Oral Histories

Angela Buonocore

Interview Segments on Topic: Characteristics/Qualities of PR Professionals

Angela Buonocore Biography

Angela Buonocore is senior vice president and chief communications officer for Xylem, a spinoff business from ITT Corporation. She is responsible for global brand and reputation management, public relations, employee communications, corporate advertising, community relations and corporate philanthropy.


INTERVIEWER: The aim of the Arthur W. Page Center at Penn State and of the Arthur W. Page Society is to help individuals become counselors to leadership. How can individuals best prepare themselves for that role?

BUONOCORE: I think to best prepare yourself for the role where you’re going to become a counselor, is to do a few things. First and foremost, you’ve got to have very, very strong skills in your discipline. That probably goes without saying, but I would tell you, it’s very surprising to me because I see a lot of resumes and I meet a lot of people that are studying communications—the number of communicators that don’t demonstrate the basic writing and frankly, speaking skills that are necessary to have command of your area of expertise. Beyond your own area of expertise, you have to be an expert in the business. And that comes with time -- you have to study, just like you do in school, and any time I’ve joined a new company—it’s part of just really getting yourself immersed. Not only in the nuts and bolts and how the company makes money—which you really do need to understand—but also to really travel around the company and really get to talk to people and listen to people and to be a very good student of reading between the lines - to really be able to connect dots and put things together and bring a different perspective. I think that’s the most valuable skill that you can bring and I think that’s not a skill that’s confined to communications, because there are many people in many disciplines that can bring that sort of “connecting the dots” skill. But I think as a communicator, you’re exposed to so much more in the organization that you should be able to connect the dots frankly, practically better than anyone else. And if you demonstrate that you can do that, that’s when you earn a seat at the table. You earn a seat at the table by driving yourselves and showing what those results are. And so, part of it is you have to have courage. You cannot be afraid to say what you think. You cannot be a yes person, because if you are, then you really won’t be the best advisor to your CEO, and that is not always the easiest thing. I think some of that comes, that street cred[ibility], comes with doing it and gaining some experience but, you really have to be able to tell the emperor when he or she has no clothes. You have to be able to, obviously using your diplomatic skills as well, be able to bring to the table, a new way of looking at things. And sometimes the best way of doing that is to employ the Socratic approach and to ask a series of questions that might lead a person to draw a conclusion that you want them to draw without just telling them something. So, there are different methods that you can use and you learn to flex your style and try to be able to use what works best with whomever you are partnering with. But I think to really earn a seat as a counselor, you’ve got to be able to show them that you bring appropriate skills and that you understand the business and you understand where the CEO is trying to take the business and you are able to help him or her do that.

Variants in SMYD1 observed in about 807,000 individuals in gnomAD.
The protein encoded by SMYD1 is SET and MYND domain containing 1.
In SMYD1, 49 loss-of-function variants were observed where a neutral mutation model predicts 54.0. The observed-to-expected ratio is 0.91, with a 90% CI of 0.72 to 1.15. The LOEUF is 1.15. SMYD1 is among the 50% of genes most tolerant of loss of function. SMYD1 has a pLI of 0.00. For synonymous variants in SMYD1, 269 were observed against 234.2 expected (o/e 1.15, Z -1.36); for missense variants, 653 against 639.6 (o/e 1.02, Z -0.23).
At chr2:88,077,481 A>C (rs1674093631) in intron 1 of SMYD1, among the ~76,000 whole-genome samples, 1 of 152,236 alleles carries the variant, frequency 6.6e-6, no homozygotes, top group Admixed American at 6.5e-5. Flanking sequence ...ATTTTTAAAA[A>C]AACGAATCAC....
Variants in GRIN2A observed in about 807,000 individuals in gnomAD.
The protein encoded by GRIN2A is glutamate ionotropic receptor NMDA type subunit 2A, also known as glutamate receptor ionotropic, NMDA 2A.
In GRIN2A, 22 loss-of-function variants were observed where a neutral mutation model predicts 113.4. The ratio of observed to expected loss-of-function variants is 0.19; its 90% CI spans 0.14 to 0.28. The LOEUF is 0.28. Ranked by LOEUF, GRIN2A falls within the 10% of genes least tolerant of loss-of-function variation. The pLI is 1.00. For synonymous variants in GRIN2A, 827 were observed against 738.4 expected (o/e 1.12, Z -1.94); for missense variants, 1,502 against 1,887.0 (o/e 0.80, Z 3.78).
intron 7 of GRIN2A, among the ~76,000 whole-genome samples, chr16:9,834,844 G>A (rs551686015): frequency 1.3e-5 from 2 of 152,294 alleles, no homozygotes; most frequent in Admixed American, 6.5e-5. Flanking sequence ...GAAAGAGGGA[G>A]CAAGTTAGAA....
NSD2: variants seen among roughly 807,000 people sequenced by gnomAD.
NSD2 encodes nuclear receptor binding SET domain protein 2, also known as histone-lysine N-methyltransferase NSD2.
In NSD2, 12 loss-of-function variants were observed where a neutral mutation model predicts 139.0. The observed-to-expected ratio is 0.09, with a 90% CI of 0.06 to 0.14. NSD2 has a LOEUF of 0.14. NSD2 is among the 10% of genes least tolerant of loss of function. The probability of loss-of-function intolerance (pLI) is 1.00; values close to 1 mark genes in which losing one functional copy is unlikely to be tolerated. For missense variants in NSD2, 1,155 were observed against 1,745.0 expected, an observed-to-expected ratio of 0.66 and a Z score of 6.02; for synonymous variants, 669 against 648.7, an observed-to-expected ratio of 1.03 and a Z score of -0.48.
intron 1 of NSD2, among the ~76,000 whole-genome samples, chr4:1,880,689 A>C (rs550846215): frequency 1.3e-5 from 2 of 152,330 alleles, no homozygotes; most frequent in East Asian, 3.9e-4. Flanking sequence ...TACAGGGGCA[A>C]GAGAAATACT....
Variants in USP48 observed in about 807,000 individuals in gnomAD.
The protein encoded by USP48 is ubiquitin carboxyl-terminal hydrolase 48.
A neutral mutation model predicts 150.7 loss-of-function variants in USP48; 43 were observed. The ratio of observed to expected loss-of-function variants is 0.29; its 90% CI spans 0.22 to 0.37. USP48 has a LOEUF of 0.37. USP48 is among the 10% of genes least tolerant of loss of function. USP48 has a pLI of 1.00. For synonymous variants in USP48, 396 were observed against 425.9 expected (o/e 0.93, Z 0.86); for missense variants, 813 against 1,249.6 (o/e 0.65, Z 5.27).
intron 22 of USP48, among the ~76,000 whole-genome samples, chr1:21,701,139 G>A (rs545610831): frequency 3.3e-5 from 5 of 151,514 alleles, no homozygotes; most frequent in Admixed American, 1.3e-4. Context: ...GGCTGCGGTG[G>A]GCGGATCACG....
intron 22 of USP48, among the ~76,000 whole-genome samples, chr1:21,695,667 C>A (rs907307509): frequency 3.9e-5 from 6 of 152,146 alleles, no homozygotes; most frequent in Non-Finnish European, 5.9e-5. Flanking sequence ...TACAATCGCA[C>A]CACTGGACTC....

INTERVIEWER: I want to ask you, do you have any perspectives that you could share with us on the issues of diversities, particularly gender and race, in the public relations field today?